Pirates in the Niger Delta have been called everything from a “menace” to “terrorist. Nevertheless, the media only presents one side to the story. So far this year, the area surrounding the Niger Delta has had a record amount of twenty pirate attacks and eight cases of hijacked ships. The increase of piracy has been attributed to the rise of militant groups in the area known as the Movement for the Emancipation of the Niger Delta (MEND). Since its establishment in 2006, MEND has been responsible for attacks on oil pipelines and kidnappings. These criminal activities have reduced oil output in the Niger Delta by roughly one-third. The disruption of the oil industry is part of MEND’s overall objective, which is to gain complete control of the oil wealth that people of the oil Delta claim they have been robbed of.
Since the oil boom in the 1970’s, Nigeria’s economy has come to be highly dependent on oil. The United States is the nation’s biggest oil importer, as it supplies over 8% of U.S. oil imports, nearly half of Nigeria’s daily oil production. In 2008, Nigeria made more than thirty-eight billion dollars from trading with the United States alone. According to the Economic Intelligence Unit (EIU), the future looks bright for Nigeria’s economy. It is expected to grow at an average range of 3.5% in the next five years.
Yet for the people in the Niger Delta where twenty percent of Nigeria’s oil deposits are located, there are no signs of progress. Instead there are signs of retrogression. Oil companies in the area have not brought jobs or money to the communities in the Niger Delta. In fact about 66% of the population now falls below the poverty line of about a dollar a day, compared to 43% in 1985. There is an increased amount of environmental degradation, due to the Nigerian’s government’s failure to regulate foreign oil industries. As many as 546 million gallons of oil have spilled into the Niger Delta over the last five decades. The increase in oil production has resulted in riverbank erosion, frequent gas flares, and deforestation. as production gets under way, Farms and sacred lands are either acquired for oil and gas development or polluted.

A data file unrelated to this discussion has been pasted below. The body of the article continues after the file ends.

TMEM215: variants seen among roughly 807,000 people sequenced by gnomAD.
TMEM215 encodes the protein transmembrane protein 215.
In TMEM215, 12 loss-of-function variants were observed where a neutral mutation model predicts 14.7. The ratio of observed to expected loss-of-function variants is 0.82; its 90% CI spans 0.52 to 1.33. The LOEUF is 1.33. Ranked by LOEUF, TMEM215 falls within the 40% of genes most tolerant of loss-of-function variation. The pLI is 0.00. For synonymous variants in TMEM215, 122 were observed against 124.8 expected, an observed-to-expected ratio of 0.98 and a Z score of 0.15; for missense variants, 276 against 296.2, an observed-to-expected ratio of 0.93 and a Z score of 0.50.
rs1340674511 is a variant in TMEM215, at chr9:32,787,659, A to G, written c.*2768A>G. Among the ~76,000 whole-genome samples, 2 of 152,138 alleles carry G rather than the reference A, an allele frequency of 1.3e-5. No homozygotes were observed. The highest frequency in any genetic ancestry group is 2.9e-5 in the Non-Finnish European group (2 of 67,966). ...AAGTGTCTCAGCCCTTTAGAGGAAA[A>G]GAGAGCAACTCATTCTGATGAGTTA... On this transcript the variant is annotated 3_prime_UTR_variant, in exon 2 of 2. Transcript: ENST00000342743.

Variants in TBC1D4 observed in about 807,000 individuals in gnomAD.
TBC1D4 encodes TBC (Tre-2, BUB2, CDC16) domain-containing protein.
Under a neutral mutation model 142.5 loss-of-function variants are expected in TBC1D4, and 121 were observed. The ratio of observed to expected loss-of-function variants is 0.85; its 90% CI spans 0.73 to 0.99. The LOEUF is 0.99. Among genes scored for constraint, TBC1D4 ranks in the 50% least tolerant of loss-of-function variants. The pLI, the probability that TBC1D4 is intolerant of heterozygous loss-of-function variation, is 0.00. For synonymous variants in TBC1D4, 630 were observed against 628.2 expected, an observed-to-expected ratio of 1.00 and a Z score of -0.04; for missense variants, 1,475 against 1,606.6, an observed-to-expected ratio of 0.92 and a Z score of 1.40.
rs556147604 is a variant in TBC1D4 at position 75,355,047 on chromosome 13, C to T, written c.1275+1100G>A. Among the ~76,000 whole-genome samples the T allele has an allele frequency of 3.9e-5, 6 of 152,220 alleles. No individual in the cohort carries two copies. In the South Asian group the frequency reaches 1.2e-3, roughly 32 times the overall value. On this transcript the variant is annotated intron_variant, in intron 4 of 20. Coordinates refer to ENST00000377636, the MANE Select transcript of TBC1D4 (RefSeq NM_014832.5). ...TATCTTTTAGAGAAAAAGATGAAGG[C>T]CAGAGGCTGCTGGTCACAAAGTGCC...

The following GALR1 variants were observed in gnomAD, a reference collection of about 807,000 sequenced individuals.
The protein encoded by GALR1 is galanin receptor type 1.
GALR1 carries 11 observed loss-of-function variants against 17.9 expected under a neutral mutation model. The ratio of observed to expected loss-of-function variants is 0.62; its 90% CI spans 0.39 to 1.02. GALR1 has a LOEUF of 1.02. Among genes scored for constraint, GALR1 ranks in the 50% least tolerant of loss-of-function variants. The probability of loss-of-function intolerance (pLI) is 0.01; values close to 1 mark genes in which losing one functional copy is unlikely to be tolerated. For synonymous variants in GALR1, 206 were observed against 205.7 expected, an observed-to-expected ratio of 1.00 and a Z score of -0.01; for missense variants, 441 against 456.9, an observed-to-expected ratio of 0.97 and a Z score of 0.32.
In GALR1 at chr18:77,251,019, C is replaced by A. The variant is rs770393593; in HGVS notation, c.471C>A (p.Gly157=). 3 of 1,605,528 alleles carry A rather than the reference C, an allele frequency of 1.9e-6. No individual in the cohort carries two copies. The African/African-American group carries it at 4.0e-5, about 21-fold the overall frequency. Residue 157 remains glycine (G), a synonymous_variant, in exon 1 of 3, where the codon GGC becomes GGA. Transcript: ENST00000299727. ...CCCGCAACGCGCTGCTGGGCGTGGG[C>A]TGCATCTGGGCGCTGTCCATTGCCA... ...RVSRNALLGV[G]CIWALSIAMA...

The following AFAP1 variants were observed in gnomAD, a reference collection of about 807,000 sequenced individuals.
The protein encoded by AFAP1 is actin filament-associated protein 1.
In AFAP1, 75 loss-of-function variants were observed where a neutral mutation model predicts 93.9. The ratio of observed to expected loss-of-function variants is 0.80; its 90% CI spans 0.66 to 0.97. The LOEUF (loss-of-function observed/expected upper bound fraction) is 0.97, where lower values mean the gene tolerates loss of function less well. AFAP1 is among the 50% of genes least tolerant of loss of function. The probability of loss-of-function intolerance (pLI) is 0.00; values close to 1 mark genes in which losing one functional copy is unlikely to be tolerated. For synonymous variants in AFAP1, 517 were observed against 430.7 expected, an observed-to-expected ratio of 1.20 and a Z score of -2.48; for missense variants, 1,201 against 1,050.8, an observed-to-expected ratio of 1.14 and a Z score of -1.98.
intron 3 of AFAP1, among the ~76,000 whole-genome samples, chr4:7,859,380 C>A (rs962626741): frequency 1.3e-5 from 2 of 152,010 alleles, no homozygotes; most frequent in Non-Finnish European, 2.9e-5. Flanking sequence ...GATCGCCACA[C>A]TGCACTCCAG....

The increase of piracy in present-day Nigeria results from the frustration of Nigeria with the oil companies. One of the main contributions of this is unemployment. Because oil companies hire only a small percentage of people in the Niger Delta, thousands are left without work. Environmental pollutions have also contributed to the unemployment, as fishermen can no longer find fish in heavily polluted areas. Much of the supporters of the MEND also attribute problems to the Nigerian government’s failure to place regulation on foreign oil companies. Past dictatorships have granted control of Nigeria’s oil deposits to international oil companies, such as Chevron, and most notably, Shell. Because of these laws, regulation of internationally oil companies has been a challenge. Nonetheless the people of the Niger Delta are fed up with oil companies and the lack government initiatives to control them. It is clear that the people in the region have lost trust in the government. The MEND has taken matters into their own hands to gain autonomy of the Nigeria’s oil. In various attacks on oil companies in the region they have outlined their intentions. “It must be clear that the Nigerian government cannot protect your workers or assets. Leave our land while you can or die in it…. Our aim is to totally destroy the capacity of the Nigerian government to export oil.”
The MEND militant group is composed of victims of the oil companies, which leave with profits and stripped the Delta of everything. Piracy in the Niger Delta continues and MEND remarks that it will not halt until all foreign companies leave the Delta and no longer deal with the Nigerian government.